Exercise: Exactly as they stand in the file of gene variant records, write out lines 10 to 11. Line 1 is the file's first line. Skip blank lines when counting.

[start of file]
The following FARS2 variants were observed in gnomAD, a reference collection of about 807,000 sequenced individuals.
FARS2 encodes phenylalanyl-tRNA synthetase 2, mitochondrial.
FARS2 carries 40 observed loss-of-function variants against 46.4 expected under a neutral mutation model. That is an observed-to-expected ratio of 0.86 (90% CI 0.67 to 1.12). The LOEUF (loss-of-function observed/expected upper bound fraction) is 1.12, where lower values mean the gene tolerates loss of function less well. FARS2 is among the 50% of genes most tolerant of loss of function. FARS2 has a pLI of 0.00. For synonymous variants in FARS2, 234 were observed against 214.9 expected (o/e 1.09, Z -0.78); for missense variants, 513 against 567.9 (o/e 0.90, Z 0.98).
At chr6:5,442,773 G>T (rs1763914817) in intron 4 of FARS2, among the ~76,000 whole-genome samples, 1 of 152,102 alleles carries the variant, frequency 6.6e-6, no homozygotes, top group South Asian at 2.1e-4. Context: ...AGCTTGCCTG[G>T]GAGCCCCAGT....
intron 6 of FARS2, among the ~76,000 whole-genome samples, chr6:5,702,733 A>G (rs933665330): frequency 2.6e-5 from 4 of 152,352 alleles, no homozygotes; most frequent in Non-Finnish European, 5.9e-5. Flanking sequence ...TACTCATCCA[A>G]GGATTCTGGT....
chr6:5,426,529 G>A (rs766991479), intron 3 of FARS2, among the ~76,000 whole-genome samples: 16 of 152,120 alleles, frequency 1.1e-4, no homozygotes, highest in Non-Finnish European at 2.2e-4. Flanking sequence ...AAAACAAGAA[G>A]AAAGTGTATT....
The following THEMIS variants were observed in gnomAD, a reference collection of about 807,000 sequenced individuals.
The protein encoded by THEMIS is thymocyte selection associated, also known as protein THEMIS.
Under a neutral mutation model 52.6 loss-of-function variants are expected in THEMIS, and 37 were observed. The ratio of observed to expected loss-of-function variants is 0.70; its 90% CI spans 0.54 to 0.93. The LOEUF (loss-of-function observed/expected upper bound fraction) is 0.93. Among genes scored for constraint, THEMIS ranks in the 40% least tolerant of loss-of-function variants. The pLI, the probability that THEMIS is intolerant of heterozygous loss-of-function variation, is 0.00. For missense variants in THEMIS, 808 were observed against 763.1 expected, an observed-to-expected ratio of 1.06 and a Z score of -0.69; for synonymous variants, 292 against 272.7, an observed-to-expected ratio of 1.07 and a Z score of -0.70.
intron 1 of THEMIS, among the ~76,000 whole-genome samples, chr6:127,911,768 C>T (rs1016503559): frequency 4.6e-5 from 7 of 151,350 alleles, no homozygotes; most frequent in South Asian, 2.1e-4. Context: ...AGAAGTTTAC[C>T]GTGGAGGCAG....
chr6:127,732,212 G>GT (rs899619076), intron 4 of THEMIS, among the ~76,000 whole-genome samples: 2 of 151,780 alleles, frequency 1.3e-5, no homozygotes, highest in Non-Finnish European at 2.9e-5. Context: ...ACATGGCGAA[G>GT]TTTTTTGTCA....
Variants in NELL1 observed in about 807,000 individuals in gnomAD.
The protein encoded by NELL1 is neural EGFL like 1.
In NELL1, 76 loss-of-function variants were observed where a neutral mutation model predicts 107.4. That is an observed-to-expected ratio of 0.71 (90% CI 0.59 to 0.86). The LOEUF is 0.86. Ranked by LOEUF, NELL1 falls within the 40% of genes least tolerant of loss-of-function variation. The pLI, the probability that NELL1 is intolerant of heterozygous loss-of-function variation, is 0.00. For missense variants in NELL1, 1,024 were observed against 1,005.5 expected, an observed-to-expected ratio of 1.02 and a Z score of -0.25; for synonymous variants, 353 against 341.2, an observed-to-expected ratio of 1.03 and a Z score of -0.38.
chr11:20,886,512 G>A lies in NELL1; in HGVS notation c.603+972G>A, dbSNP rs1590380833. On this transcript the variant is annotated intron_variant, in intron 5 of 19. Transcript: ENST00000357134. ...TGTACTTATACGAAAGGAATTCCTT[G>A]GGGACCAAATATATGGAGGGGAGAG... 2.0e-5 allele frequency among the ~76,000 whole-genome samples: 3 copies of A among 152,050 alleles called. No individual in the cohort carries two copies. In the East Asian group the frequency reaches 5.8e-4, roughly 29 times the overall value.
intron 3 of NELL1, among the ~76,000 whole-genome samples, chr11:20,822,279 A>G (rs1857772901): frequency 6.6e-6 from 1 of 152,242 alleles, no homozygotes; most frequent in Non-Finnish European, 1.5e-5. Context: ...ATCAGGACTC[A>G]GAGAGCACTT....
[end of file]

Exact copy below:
intron 1 of THEMIS, among the ~76,000 whole-genome samples, chr6:127,911,768 C>T (rs1016503559): frequency 4.6e-5 from 7 of 151,350 alleles, no homozygotes; most frequent in South Asian, 2.1e-4. Context: ...AGAAGTTTAC[C>T]GTGGAGGCAG....
chr6:127,732,212 G>GT (rs899619076), intron 4 of THEMIS, among the ~76,000 whole-genome samples: 2 of 151,780 alleles, frequency 1.3e-5, no homozygotes, highest in Non-Finnish European at 2.9e-5. Context: ...ACATGGCGAA[G>GT]TTTTTTGTCA....